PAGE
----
Chief Executive Officer
The consequences of taking a risk can develop suddenly. One minute you can be holding a certain hand of cards, and the next minute the whole hand of cards has changed. As I was thinking about how quickly the landscape can change, I thought of a personal example.
Last year, I was mountain biking with a couple of friends in North Georgia and having a great time, although a tad overconfident. In a split second, after clipping a tree, I was horizontally airborne like superman flying through the air and landed on my head and shoulder. Fortunately, there was no permanent damage done, and thanks to a high-quality helmet, I ended up with only a gash on my forehead.
The next morning, I had an insurance related meeting with one of our neurosurgeon clients. Upon first glance, he immediately wanted to know what happened to my face. I thought he might be amused by my story, but he was not amused at all. His experience of dealing with head and spine damage gave him perspective, and me a lecture, on dealing with overconfident people who may be moving a little too fast, despite the risk. There is an obvious tie-in to this story with life insurance.
It is easy to procrastinate with life insurance when you are feeling good, and your schedule is busy. It is a fact that life insurance is one of a few assets in our economy that requires permission before it can be obtained. Permission requires providing data related to the risk involved. If health is bad, it may be too late. When one is healthy, it is assumed it can be done another day – maybe, maybe not. It seems we often get calls from prospective clients just after a health event has occurred, or they have observed an event in someone else’s life. We’re good, but we cannot fix every case.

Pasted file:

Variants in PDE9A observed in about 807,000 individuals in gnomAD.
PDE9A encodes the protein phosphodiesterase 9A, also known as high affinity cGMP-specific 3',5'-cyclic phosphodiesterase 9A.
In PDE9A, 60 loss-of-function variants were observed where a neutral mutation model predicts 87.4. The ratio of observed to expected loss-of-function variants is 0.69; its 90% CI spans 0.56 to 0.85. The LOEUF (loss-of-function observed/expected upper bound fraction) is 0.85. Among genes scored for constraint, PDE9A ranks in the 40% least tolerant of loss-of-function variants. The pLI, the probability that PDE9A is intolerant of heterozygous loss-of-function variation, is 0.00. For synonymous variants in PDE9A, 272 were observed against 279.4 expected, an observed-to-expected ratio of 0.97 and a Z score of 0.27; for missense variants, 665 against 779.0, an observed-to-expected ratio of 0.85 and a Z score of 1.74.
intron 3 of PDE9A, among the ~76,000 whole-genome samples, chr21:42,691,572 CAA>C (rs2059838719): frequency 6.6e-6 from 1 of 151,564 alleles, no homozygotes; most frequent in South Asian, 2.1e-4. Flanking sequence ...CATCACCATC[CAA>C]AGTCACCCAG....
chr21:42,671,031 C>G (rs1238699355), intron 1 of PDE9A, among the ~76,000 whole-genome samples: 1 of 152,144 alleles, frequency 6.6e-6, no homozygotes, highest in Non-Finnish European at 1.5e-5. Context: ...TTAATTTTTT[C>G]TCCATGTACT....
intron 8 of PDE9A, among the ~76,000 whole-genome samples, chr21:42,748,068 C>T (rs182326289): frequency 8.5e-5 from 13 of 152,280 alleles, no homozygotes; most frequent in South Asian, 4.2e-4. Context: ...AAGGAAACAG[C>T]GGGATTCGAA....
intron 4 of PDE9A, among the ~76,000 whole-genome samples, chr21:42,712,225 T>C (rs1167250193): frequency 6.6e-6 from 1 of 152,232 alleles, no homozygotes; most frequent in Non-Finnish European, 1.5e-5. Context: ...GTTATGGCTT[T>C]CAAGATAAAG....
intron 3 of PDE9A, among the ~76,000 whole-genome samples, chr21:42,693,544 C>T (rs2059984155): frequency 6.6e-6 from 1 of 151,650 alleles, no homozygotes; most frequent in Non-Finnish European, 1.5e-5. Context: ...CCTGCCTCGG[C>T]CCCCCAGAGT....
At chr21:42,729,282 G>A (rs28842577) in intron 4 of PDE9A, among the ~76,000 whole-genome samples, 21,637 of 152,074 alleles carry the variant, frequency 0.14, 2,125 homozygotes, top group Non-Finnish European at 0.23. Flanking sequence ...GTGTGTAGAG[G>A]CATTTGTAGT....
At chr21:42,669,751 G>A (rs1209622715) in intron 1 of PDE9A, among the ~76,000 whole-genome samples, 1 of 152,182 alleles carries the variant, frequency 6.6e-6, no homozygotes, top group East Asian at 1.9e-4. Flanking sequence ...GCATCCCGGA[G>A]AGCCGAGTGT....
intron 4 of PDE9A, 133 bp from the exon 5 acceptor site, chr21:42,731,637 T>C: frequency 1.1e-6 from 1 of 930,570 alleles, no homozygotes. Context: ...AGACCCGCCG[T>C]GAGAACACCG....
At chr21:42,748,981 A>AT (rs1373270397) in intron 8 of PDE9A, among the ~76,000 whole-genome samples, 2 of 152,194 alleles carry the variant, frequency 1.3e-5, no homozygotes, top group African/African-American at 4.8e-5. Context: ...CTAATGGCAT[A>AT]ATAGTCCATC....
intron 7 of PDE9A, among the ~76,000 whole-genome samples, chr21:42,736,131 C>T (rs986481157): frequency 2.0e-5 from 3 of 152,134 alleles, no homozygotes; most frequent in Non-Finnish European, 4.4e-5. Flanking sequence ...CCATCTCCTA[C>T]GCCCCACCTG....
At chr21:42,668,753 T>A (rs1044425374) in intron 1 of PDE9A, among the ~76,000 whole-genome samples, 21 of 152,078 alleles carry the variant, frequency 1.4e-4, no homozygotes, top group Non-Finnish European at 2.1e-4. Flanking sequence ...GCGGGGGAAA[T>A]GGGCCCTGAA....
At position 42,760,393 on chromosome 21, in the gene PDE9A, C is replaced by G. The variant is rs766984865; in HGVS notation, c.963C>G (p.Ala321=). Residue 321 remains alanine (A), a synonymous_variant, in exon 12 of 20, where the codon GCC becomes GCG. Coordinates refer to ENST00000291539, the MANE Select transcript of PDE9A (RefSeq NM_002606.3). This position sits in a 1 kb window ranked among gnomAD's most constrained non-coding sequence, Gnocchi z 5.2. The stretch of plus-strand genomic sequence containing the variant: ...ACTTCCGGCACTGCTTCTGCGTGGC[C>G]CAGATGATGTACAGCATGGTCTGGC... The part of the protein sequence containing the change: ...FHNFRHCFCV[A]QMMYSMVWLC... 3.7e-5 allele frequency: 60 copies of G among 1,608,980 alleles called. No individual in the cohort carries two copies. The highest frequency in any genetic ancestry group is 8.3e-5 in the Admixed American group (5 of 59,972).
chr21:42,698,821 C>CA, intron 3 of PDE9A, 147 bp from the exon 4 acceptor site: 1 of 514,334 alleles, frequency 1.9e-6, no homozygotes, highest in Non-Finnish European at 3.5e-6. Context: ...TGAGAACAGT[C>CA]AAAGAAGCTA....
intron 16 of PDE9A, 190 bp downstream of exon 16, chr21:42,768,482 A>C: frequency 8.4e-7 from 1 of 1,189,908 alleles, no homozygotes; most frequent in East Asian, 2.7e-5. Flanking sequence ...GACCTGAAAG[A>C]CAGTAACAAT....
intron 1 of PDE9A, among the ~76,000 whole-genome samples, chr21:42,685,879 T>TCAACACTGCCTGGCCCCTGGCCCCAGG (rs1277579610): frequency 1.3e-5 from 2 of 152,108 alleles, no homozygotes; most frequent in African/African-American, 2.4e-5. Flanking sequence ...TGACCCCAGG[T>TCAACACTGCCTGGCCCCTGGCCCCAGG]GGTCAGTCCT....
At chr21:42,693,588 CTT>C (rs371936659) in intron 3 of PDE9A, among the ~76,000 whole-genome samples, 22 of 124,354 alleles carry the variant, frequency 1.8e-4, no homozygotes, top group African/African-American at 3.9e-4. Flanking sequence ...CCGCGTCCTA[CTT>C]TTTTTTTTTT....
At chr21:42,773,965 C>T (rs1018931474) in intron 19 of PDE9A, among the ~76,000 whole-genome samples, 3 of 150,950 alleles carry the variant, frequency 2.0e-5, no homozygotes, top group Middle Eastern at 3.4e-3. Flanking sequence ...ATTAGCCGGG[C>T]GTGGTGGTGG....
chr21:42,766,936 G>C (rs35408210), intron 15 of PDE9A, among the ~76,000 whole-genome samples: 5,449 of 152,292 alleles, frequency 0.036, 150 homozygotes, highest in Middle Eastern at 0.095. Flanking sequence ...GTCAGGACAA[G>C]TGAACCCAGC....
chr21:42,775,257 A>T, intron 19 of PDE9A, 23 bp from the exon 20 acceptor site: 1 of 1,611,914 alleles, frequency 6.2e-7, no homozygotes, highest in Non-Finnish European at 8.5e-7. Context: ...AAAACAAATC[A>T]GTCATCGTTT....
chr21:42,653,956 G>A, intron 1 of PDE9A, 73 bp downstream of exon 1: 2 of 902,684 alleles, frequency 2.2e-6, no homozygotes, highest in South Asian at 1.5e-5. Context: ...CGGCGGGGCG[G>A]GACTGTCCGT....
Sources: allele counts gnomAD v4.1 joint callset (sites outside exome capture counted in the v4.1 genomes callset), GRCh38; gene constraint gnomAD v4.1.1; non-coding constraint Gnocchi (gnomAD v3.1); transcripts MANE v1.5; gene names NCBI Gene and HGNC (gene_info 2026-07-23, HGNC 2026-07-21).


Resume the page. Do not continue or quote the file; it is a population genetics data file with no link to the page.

For many, the process of preparing for some financial risks has become easier. In the past, a deterrent to pursuing life insurance coverage has been the unpleasant application process that involved a lot of questions, along with lab tests and weeks of waiting for the results to be evaluated. For some applicants, the process is still long and the possibility of having to pay a higher rate than expected, or even being declined for coverage, still exists.
Fortunately for many though, it is now possible to apply online and be evaluated and approved within a day or two. Insurance companies have their own range of limits related to age of the applicant and amount of coverage, but the process has improved. It is designed to minimize requests for medical records, when possible, and take advantage of alternative data sources and follow-up questions instead of another round of medical record requests.
Once the underwriting classification is established, and the client is ready to proceed, the payment may be made electronically, and the policy is immediately available for delivery electronically. In short, the application process can be abbreviated for many, but not all. It is evolving, and everyone likes the direction.
TBG is here to assist. Our process includes presenting options and providing concierge service. Value is created for our clients by listening and delivering every step along the way, including periodic reviews as circumstances evolve. For us, it is a relationship – not just a transaction.